The prevalence of reported distressing symptoms other than the pain was similar before and after the switch. After 4 to 6 weeks of treatment, none of the patients discontinued treatment with OXN PR. Furthermore, the dose of OXN PR remained the same for the majority of patients throughout follow-up. Treatment with OXN PR was associated with a small (approximately 2 mmHg) reduction in mean blood pressure, which is unlikely to be of clinical significance.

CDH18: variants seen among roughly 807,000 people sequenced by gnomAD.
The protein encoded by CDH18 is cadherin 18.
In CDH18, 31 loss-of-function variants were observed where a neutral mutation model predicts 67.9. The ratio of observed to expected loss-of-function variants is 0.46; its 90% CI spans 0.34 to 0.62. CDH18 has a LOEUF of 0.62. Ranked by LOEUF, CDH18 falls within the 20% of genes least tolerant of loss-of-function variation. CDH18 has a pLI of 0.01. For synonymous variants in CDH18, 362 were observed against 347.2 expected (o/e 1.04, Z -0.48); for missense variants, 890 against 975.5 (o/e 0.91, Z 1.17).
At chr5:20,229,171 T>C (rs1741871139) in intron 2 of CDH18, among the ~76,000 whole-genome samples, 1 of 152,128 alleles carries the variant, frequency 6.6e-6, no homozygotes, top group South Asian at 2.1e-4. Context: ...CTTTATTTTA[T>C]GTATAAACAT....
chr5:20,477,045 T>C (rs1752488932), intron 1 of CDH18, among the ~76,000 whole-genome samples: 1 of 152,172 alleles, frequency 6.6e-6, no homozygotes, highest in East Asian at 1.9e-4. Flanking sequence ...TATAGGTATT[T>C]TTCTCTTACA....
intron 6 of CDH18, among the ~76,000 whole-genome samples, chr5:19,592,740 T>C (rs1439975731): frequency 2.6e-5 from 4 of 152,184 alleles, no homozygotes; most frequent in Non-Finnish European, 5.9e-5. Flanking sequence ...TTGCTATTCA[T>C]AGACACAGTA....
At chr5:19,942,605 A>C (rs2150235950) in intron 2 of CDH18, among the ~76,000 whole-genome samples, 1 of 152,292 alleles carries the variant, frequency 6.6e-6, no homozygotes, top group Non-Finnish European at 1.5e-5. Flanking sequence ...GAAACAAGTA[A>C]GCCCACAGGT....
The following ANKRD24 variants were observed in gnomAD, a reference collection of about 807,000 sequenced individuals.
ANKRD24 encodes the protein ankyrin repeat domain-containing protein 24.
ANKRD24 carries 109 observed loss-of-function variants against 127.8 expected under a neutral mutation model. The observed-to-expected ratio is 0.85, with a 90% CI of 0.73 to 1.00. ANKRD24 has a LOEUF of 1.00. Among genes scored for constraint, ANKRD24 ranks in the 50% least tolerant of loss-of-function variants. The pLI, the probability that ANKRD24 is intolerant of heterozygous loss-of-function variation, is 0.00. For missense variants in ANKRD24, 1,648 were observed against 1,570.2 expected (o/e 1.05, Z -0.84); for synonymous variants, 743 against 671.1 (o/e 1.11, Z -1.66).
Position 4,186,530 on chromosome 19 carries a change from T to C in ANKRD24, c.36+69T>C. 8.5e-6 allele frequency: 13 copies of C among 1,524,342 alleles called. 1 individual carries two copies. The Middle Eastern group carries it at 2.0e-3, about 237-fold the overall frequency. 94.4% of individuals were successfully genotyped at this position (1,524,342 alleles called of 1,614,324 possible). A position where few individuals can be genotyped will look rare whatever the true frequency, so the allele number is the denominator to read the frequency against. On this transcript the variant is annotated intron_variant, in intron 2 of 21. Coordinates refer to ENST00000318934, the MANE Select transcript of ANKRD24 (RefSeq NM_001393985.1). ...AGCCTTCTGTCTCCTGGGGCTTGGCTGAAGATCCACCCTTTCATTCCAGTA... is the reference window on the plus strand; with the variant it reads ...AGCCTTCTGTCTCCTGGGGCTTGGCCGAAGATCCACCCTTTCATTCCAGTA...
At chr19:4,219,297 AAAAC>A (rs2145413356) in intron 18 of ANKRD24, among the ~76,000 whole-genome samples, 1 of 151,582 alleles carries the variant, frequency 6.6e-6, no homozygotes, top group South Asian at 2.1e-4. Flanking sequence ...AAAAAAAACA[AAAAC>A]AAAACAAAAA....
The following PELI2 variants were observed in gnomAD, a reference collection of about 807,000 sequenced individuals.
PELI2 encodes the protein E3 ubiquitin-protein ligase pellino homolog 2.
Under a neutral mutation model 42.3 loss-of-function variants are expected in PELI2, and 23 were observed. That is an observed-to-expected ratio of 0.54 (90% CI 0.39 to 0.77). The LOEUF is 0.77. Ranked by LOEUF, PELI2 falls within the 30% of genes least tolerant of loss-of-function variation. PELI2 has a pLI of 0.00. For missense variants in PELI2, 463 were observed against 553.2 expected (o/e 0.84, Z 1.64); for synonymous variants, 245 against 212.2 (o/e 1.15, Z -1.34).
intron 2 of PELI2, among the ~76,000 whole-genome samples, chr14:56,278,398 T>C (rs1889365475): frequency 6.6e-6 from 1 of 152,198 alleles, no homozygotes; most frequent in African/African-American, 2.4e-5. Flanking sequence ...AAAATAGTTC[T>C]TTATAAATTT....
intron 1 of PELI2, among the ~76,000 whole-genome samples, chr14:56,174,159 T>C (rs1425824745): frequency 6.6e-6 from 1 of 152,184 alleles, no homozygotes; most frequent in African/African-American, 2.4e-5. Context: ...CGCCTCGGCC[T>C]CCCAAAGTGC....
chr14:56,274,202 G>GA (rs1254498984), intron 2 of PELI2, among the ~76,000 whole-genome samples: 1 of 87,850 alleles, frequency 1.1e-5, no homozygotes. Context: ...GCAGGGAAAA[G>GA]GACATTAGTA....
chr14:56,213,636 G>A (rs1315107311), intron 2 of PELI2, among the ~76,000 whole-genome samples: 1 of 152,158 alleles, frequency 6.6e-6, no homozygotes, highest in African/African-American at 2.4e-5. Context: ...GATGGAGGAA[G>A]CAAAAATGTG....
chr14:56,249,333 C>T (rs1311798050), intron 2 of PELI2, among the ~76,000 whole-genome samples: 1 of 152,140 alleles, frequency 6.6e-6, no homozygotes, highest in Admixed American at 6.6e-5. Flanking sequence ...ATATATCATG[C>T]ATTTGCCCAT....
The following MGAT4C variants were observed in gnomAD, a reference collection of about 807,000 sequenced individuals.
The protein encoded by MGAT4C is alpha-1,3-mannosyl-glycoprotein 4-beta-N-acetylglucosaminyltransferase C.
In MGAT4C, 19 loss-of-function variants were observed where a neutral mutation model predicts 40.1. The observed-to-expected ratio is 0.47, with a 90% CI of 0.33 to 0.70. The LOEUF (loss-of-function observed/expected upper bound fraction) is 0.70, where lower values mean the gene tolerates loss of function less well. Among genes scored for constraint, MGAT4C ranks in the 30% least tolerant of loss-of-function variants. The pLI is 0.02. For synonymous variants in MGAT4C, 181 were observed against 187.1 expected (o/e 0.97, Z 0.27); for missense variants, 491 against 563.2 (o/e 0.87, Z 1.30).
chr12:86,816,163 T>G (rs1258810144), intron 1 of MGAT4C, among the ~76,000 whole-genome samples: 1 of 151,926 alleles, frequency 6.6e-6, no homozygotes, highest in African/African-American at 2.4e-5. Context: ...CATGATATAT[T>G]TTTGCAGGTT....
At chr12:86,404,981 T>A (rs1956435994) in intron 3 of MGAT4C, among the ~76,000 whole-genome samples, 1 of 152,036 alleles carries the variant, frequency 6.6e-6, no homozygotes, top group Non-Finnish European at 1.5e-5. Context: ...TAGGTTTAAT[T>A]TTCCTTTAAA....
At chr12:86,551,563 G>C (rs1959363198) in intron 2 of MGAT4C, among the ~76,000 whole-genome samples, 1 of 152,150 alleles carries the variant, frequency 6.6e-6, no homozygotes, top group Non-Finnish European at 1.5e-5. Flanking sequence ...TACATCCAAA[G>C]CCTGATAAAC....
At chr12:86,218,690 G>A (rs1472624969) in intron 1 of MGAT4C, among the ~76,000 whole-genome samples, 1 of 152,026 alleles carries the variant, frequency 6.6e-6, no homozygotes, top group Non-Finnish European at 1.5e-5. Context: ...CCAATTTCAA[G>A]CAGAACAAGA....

We recognize that there are some significant limitations to our study. Because we only included patients who had received at least 4 weeks of OXN PR, patients who might have discontinued OXN PR before that time due to lack of efficacy or poor tolerability were excluded. Consequently, there may have been a biased selection of patients with a good response and fewer significant adverse effects. Because of the retrospective nature of this study, although we have listed the most common distressing symptoms other than pain and constipation, we were unable to comment further on the incidence of treatment-related adverse events or their possible relationship to a specific medication. Our patient population was very ill and most of the distressing symptoms reported could also be accounted for by the underlying illness. Furthermore, the inclusion of patients with missing data relating to opioid use before switch may have resulted in the overestimation of pain on analgesic treatment at the switch date. Similarly, the inclusion of patients with missing data relating to OXN PR administration and dose after the switch may have resulted in underestimation of the potential analgesic effect of OXN PR. However, these comprised a small proportion of patients overall (approximately 25 % and 15 %, respectively) and it is unlikely that this would account for a shift of more than two-thirds of the patients from pain scores > 6 (moderate-severe) before switch to ≤ 4 (mild to moderate) after switching. The reason for switching analgesia was not recorded. It seems most likely that the switch to OXN PR was made for inadequate pain control with previous therapy and this is borne out by the high pre-switch VAS pain rating. Indeed, more than half of the patients were treated with tramadol prior to switching, and pain control with this weak opioid is likely to have been inadequate.[6] Furthermore, as already mentioned, previous opioid use was not adequately recorded in approximately one-quarter of the patients before the switch and so the type and dose of opioid are unknown.